According to elite theory, the wealthy use their power to control the nation’s economy in such a way that those below them cannot advance economically. Their wealth allows the elite to secure for themselves important positions in politics. They then use this power to make decisions and allocate resources in ways that benefit them. Politicians do the bidding of the wealthy instead of attending to the needs of ordinary people, and order is maintained by force. Indeed, those who favor government by the elite believe the elite are better fit to govern and that average citizens are content to allow them to do so.

In apparent support of the elite perspective, one-third of U.S. presidents have attended Ivy League schools, a much higher percentage than the rest of the U.S. population. All five of the most recent U.S. presidents attended Ivy League schools such as Harvard, Yale, or Columbia. Among members of the House of Representatives, 95 percent have a bachelor’s degree, as do 100 percent of members of the Senate. Fewer than 40 percent of U.S. adults have even an associate’s degree. The majority of the men and women in Congress also engaged in either state or local politics, were businesspeople, or practiced law before being elected to Congress. Approximately 75 percent of both the Senate and the House of Representatives are male, and about 21 percent of members of Congress are minorities. The nation’s laws are made primarily by well-educated professionals and businessmen.

The five most recent U.S. presidents have all graduated from an Ivy League university.

The makeup of Congress is important because race, sex, profession, education, and socioeconomic class can have an important effect on people’s political interests. The allocation of revenue affects the rich and the poor differently. Giving more money to public education does not benefit the wealthy as much as it does the poor, because the wealthy are more likely than the poor to send their children to private schools or to at least have the option of doing so. However, better funded public schools have the potential to potentially improve the upward mobility of members of other socioeconomic classes who have no other option than to send their children to public schools.

Currently, about 40 percent of the members of Congress are millionaires; twelve members hold over half of the Congress’s collective net worth. As of 2009, approximately 38 percent of Congress sent their children to private schools. Overall, only 11 percent of the American population did so.  Therefore, a Congress dominated by millionaires who send their children to private schools is arguably more likely to believe that increased funding for public education is not a necessity. Their experience, however, does not reflect the experience of average Americans.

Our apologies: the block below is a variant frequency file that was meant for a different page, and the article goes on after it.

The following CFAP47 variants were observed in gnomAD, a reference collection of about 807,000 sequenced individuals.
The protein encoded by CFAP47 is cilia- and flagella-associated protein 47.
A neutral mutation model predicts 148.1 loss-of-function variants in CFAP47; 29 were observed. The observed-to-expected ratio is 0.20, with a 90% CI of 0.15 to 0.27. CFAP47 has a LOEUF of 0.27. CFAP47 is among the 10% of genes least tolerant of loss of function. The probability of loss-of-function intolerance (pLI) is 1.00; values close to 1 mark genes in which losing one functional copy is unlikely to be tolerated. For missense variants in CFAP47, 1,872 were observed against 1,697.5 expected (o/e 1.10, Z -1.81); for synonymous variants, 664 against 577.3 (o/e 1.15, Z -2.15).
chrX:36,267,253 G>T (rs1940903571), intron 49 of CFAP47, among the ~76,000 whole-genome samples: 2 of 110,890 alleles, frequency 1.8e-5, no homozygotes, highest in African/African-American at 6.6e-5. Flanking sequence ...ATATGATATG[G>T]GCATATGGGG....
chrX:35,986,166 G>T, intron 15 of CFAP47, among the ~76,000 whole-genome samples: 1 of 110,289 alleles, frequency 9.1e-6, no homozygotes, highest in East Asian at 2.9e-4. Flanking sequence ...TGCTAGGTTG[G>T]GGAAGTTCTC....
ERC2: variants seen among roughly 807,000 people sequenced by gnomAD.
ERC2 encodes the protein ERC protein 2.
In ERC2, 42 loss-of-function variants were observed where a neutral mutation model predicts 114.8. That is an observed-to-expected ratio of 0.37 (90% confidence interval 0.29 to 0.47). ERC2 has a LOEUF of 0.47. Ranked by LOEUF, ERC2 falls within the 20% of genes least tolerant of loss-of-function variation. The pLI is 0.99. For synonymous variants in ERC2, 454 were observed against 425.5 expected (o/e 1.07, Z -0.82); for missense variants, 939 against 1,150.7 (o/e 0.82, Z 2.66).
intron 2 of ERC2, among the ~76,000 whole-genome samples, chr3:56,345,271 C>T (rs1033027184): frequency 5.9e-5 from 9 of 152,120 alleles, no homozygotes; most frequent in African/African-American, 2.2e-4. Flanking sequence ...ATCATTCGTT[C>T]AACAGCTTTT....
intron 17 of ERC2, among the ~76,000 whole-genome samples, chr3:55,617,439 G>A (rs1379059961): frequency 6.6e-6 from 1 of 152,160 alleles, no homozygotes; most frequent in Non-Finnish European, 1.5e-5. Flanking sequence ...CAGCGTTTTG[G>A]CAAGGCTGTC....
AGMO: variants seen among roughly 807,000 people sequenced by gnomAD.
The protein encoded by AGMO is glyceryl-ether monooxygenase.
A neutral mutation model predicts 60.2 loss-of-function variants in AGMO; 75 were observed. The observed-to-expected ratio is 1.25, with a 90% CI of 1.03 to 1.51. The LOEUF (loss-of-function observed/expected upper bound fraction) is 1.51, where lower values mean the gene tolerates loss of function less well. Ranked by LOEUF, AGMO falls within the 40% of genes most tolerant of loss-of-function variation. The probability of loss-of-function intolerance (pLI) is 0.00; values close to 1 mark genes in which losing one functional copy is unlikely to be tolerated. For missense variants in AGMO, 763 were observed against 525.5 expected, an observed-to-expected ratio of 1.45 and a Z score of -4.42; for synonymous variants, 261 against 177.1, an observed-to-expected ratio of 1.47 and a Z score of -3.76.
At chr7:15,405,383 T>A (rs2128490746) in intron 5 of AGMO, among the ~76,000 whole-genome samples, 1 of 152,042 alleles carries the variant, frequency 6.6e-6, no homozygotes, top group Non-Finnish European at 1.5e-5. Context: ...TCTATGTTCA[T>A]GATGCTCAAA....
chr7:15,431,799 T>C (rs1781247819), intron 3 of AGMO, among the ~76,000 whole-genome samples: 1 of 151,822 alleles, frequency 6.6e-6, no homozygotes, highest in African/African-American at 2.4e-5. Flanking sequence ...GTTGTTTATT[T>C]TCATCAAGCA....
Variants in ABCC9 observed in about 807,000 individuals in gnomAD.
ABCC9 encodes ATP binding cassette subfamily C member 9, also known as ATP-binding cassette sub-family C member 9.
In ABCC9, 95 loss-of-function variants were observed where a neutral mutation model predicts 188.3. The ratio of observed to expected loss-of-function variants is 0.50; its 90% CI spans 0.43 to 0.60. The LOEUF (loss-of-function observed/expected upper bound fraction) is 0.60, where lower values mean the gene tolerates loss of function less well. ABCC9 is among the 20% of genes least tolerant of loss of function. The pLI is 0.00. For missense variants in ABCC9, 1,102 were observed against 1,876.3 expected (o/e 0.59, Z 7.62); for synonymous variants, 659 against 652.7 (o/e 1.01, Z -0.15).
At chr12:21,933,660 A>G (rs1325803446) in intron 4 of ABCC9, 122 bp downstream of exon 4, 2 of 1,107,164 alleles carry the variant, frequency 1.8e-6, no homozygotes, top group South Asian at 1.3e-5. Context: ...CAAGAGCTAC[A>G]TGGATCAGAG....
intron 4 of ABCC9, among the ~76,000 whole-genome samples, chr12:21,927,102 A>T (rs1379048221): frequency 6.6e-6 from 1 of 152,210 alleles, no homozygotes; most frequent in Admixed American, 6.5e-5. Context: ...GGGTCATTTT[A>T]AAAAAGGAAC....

The question can fairly be asked however: Are the elite in these high positions simply because they are well educated or wealthy, OR did they become well educated, well positioned, and/or wealthy because they are driven internally to be elite? There are numerous examples in American politics of people who literally came from poverty or minority positions and became very powerful in the US Government. (eg: Ruth Bader Ginzburg, Abraham Lincoln, Alexandria Ocasio-Cortez, Clarence Thomas, Ben Carson, Hillary Clinton, Herman Cain and many others might arguably fit this mold.)

Pluralist theory rejects this approach, arguing that although there are elite members of society, they do not control government. Instead, pluralists argue, political power is distributed throughout society. Rather than resting in the hands of individuals, a variety of organized groups hold power, with some groups having more influence on certain issues than others. Thousands of interest groups exist in the United States. Approximately 70–90 percent of Americans report belonging to at least one interest group. Members of your family likely are members of a political interest group – though they may not think of themselves as such.

According to pluralist theory, people with shared interests will form groups in order to make their desires known to politicians. These groups include such entities as environmental advocates, groups for the advancement of any number of political goals or ballot initiatives, groups to protect the elderly or the environment, unions, and organizations that represent the interests of various businesses. Because most people lack the inclination, time, or expertise necessary to strategize political issues, these groups will speak for them. As groups compete with one another and find themselves in conflict regarding important issues, government policy begins to take shape. In this way, government policy is shaped from the bottom up and not from the top down, as we see in elitist theory. Robert Dahl, author of Who Governs?, was one of the first to advance the pluralist theory and argued that politicians seeking an “electoral payoff” are attentive to the concerns of politically active citizens and, through them, become acquainted with the needs of ordinary people. They will attempt to give people what they want in exchange for their votes.